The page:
However, I must take issue with David over his defence of the management against the rational criticism
of certain aspects of the administration by writers such as Brian Halliday. For us to go so long without a
major international event in this country that would attract much needed TV and Press coverage is
terrible. How can this situation help to encourage greater participation in table tennis?
There is no doubt that Free Table Tennis is proving to be an invaluable vehicle in highlighting the
widespread discontent in the country over the state of our sport. Clearly there are no easy answers to the
problems but there is little doubt that we are suffering from a huge lack of publicity. Perhaps more
tournaments with big prize money as proposed by Barry Meisel would be a step in the right direction.
Certainly, so long without an international tournament has not helped the situation.
Keep up the good work.
I have no problem with players who use their skill in producing spin shots to beat opponents. My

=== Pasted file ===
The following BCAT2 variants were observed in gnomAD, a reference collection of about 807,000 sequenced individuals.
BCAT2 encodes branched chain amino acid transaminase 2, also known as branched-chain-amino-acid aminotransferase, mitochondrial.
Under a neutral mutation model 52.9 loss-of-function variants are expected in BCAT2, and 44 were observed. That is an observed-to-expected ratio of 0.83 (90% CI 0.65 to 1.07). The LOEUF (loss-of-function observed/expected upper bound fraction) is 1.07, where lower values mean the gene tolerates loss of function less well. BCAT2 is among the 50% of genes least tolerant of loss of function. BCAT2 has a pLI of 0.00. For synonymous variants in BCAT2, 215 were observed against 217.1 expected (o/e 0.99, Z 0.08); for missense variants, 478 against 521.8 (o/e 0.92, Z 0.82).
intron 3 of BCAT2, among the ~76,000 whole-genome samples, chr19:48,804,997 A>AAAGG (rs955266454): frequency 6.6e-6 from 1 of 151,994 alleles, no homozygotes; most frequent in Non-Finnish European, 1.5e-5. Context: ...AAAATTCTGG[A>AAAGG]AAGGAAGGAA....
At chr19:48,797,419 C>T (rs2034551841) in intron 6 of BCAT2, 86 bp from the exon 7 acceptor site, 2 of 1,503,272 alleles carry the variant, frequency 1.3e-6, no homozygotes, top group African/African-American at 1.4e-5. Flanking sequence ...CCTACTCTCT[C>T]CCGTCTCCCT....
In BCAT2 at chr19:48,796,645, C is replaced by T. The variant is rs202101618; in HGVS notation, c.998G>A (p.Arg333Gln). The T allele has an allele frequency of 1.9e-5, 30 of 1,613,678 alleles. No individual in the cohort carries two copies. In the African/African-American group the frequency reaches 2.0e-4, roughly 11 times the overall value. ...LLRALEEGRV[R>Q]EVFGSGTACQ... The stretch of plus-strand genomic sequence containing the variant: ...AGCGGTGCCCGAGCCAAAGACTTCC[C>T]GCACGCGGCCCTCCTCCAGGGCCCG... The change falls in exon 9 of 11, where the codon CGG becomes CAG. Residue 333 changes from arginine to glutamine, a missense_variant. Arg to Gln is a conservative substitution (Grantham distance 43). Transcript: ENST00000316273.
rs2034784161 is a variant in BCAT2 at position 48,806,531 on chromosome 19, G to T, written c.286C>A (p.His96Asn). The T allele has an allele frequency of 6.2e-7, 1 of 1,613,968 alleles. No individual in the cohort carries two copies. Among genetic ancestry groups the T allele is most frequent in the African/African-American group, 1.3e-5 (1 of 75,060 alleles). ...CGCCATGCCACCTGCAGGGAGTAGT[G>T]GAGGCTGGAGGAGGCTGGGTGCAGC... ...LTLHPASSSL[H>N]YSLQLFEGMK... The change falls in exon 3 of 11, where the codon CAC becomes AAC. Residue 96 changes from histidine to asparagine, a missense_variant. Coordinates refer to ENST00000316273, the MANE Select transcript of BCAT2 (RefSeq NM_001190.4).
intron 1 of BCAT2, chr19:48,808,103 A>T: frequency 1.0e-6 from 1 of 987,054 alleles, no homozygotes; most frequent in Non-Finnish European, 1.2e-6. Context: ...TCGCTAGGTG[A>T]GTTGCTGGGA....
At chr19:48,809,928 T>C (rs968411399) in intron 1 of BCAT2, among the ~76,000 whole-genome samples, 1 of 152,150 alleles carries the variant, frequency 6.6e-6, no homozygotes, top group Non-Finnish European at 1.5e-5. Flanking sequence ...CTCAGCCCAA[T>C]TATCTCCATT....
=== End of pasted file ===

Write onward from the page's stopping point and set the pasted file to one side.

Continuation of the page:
problem lies with players who use ‘silly bats’ such that the same stroke produces the opposite effect
from one side of the bat to when the other side of the bat is employed.
The better players can understand what is going on. Consider two ‘social players’ with ‘silly bats’,
neither knows what they are doing hence they will quickly lose interest never to return. Even a social
player can appreciate being beaten by a player with superior spin technique and could be encouraged to
try and improve their skill standard, but tend to easily capitulate when faced with a ‘silly bat’ player.
I am just speaking from my experience. Your experience may be different.
If all generalisations are false, is this one true?